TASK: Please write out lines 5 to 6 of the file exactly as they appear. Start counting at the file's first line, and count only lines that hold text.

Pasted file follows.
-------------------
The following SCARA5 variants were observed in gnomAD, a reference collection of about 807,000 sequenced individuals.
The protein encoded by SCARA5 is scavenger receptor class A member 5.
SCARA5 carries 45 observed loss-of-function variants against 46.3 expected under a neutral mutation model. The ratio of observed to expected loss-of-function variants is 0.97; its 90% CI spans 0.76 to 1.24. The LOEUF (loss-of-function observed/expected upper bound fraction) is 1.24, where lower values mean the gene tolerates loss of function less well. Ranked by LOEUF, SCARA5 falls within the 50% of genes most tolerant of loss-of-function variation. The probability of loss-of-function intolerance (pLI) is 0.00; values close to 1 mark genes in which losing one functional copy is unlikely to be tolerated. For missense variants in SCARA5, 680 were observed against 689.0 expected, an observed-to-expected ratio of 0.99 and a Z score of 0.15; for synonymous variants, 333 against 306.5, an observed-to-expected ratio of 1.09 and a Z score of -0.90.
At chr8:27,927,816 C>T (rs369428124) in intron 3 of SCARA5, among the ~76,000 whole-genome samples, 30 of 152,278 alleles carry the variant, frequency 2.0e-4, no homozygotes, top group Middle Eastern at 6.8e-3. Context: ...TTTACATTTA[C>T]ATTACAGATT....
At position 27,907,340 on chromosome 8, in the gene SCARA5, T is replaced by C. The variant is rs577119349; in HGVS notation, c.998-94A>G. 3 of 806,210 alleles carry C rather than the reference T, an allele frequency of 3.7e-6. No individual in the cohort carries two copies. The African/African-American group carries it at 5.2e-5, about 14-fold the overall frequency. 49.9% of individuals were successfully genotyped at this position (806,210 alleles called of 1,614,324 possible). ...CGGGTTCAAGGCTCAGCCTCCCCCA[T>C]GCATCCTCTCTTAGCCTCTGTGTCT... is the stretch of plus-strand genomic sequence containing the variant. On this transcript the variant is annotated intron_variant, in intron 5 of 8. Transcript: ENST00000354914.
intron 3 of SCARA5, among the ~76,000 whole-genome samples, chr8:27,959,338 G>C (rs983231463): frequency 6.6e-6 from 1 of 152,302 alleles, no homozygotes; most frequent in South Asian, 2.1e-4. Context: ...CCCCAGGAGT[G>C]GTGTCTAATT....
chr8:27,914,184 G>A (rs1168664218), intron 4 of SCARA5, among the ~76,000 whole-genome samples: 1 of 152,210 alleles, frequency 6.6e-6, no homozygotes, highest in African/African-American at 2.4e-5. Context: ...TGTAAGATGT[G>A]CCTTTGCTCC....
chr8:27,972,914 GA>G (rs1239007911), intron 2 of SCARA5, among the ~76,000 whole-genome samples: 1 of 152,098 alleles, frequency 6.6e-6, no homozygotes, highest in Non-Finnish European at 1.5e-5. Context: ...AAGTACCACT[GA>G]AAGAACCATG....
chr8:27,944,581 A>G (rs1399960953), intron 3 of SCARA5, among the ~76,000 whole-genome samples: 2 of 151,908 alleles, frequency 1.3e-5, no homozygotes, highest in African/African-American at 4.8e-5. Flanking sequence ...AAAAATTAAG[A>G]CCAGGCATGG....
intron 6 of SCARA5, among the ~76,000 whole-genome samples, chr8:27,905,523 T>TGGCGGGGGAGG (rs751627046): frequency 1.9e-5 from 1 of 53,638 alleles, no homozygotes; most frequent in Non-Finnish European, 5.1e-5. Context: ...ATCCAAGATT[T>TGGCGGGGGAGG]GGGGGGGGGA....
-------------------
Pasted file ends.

At position 27,907,340 on chromosome 8, in the gene SCARA5, T is replaced by C. The variant is rs577119349; in HGVS notation, c.998-94A>G. 3 of 806,210 alleles carry C rather than the reference T, an allele frequency of 3.7e-6. No individual in the cohort carries two copies. The African/African-American group carries it at 5.2e-5, about 14-fold the overall frequency. 49.9% of individuals were successfully genotyped at this position (806,210 alleles called of 1,614,324 possible). ...CGGGTTCAAGGCTCAGCCTCCCCCA[T>C]GCATCCTCTCTTAGCCTCTGTGTCT... is the stretch of plus-strand genomic sequence containing the variant. On this transcript the variant is annotated intron_variant, in intron 5 of 8. Transcript: ENST00000354914.
intron 3 of SCARA5, among the ~76,000 whole-genome samples, chr8:27,959,338 G>C (rs983231463): frequency 6.6e-6 from 1 of 152,302 alleles, no homozygotes; most frequent in South Asian, 2.1e-4. Context: ...CCCCAGGAGT[G>C]GTGTCTAATT....